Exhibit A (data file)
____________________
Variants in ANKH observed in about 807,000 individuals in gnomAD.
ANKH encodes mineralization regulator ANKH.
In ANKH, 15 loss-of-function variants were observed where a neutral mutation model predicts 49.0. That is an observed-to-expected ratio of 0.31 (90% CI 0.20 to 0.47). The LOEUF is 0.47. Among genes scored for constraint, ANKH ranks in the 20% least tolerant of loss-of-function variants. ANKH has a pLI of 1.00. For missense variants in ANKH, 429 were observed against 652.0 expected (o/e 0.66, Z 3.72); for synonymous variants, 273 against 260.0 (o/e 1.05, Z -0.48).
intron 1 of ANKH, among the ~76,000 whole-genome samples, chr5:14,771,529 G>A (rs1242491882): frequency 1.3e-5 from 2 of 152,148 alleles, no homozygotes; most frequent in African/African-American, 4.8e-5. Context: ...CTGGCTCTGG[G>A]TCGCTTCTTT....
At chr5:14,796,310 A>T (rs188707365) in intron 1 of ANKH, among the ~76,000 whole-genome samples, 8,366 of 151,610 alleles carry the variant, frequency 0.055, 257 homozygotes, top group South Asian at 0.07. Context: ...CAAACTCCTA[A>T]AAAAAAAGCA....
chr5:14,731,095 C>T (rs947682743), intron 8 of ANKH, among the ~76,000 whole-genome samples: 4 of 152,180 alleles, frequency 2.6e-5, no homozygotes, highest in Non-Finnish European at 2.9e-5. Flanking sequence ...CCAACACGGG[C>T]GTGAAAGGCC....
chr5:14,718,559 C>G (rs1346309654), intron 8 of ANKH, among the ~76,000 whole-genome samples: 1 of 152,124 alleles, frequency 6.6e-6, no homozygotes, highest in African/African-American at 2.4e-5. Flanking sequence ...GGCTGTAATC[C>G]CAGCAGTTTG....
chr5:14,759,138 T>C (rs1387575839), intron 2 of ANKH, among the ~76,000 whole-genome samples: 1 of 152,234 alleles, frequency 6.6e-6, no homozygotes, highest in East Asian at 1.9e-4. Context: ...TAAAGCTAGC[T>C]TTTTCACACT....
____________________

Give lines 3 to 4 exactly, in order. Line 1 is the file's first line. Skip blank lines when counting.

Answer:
In ANKH, 15 loss-of-function variants were observed where a neutral mutation model predicts 49.0. That is an observed-to-expected ratio of 0.31 (90% CI 0.20 to 0.47). The LOEUF is 0.47. Among genes scored for constraint, ANKH ranks in the 20% least tolerant of loss-of-function variants. ANKH has a pLI of 1.00. For missense variants in ANKH, 429 were observed against 652.0 expected (o/e 0.66, Z 3.72); for synonymous variants, 273 against 260.0 (o/e 1.05, Z -0.48).
intron 1 of ANKH, among the ~76,000 whole-genome samples, chr5:14,771,529 G>A (rs1242491882): frequency 1.3e-5 from 2 of 152,148 alleles, no homozygotes; most frequent in African/African-American, 4.8e-5. Context: ...CTGGCTCTGG[G>A]TCGCTTCTTT....